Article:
A Conversation about Program Evaluation: Why, How and When? Uzo Anucha, MSW; PhD Associate Professor – School of Social Work Director – Applied Social Welfare Research and Evaluation Group York University
We acknowledge the influence of paradigms, politics, and values and are willing to deal with these by:
Getting ‘inside’ the project
Creating an environment where all stakeholders are encouraged to discus their values and philosophies
Challenging our assumptions
Asking stakeholders for their perspectives on particular issues
Remembering there may be multiple “right” answers
Maintain regular contact and provide feedback to stakeholders
Designing specific strategies to air differences and grievances.
Make the evaluation and its findings useful and accessible. Early feedback and a consultative relationship with stakeholders and project staff leads to a greater willingness by staff to disclose important and sensitive information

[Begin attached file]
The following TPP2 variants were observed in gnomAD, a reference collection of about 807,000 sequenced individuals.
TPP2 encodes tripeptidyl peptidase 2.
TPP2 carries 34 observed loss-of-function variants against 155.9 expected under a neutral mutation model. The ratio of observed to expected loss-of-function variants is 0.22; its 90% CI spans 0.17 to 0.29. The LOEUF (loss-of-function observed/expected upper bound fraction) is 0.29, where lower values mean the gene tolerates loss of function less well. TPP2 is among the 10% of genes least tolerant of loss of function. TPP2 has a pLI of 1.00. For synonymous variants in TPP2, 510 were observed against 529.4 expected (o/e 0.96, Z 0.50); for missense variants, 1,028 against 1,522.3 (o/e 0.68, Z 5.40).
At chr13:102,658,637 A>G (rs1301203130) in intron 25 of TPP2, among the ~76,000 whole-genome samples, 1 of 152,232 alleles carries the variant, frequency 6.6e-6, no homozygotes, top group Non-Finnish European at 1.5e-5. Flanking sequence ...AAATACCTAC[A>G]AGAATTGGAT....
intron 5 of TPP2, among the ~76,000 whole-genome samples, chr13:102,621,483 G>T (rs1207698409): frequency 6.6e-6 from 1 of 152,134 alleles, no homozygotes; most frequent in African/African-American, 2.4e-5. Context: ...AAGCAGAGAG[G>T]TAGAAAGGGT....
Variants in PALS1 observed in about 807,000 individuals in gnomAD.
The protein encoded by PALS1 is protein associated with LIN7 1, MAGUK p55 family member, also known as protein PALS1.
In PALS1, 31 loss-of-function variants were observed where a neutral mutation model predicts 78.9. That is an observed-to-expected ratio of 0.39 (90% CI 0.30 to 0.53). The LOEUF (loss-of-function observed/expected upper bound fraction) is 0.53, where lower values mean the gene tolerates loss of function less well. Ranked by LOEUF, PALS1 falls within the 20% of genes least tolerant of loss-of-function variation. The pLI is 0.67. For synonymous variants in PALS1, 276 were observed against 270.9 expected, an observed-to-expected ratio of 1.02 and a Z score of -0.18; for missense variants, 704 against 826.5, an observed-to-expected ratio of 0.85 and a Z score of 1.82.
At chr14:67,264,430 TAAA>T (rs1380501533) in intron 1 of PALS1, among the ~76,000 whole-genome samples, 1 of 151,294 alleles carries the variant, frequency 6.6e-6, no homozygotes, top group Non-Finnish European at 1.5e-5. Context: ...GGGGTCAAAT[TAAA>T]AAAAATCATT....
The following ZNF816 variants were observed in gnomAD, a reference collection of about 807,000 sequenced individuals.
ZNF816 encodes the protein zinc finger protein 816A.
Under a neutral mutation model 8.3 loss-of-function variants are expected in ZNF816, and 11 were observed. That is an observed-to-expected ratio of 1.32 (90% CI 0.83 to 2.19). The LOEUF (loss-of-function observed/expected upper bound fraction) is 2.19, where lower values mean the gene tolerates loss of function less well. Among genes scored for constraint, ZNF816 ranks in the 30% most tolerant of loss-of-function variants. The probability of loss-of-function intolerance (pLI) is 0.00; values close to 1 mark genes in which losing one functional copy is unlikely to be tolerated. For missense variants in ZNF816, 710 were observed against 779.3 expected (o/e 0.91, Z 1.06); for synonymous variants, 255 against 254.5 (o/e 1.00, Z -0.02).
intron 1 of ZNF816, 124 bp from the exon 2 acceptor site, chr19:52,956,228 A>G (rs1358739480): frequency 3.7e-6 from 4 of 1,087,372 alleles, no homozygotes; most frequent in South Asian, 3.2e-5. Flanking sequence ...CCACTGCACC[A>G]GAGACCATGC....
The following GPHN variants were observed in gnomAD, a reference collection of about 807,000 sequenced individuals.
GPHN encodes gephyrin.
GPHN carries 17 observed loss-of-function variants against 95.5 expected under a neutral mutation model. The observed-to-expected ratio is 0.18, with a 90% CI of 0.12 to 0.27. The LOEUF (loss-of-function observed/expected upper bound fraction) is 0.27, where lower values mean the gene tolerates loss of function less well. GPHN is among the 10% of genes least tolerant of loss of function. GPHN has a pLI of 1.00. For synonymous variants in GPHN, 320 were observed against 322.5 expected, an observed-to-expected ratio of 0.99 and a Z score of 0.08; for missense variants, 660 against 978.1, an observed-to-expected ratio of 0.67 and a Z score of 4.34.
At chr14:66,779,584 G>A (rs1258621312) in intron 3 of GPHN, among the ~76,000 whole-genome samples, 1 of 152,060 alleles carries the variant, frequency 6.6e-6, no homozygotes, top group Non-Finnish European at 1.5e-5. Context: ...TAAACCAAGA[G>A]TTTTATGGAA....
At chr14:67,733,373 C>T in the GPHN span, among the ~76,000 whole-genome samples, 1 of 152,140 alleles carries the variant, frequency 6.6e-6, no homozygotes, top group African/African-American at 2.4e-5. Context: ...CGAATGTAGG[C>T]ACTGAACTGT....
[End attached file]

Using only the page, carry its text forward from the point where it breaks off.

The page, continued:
Sensitivity to the feelings and rights of individuals.
Create an atmosphere of openness to findings, with a commitment to considering change and a willingness to learn.
(W.K. Kellogg Foundation Evaluation Handbook, 1998)
What is Not Program Evaluation? What is Program Evaluation?
Program evaluation means taking a systematic approach to asking and answering questions about a program.
Program evaluation is a collection of methods, skills and sensitivities necessary to determine whether a human service is needed and likely to be used , whether it is sufficiently intensive to meet the unmet needs identified, whether the service is offered as planned , and whether the human service actually does help people in need at reasonable cost without undesirable side effects (Posavac & Carey, 2003. p.2)
Outcomes are benefits or changes for individuals or populations during or after participating in program activities. Outcomes may relate to behavior, skills, knowledge, attitudes, values, condition, or other attributes.
They are what participants know, think, or can do; or how they behave; or what their condition is, that is different following the program.
Outcome evaluation helps us to demonstrate the nature of change that took place
A program to counsel families on financial management, outputs--what the service produces--include the number of financial planning sessions and the number of families seen. The desired outcomes--the changes sought in participants' behavior or status- -can include their developing and living within a budget, making monthly additions to a savings account, and having increased financial stability.